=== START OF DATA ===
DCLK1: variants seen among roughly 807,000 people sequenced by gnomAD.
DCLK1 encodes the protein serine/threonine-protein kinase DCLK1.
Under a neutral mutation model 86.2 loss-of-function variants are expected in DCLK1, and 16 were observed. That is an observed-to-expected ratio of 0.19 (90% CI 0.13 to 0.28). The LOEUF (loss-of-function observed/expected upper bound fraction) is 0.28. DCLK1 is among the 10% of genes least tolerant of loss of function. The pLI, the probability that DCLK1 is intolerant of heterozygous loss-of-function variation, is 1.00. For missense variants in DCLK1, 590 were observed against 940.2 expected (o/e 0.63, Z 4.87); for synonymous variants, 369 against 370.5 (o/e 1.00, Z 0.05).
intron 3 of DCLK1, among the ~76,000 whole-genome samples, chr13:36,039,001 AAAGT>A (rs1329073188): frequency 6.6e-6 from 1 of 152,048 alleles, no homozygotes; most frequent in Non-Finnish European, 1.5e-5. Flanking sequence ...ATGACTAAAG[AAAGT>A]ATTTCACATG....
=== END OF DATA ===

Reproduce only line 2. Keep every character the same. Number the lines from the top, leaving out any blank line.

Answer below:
DCLK1 encodes the protein serine/threonine-protein kinase DCLK1.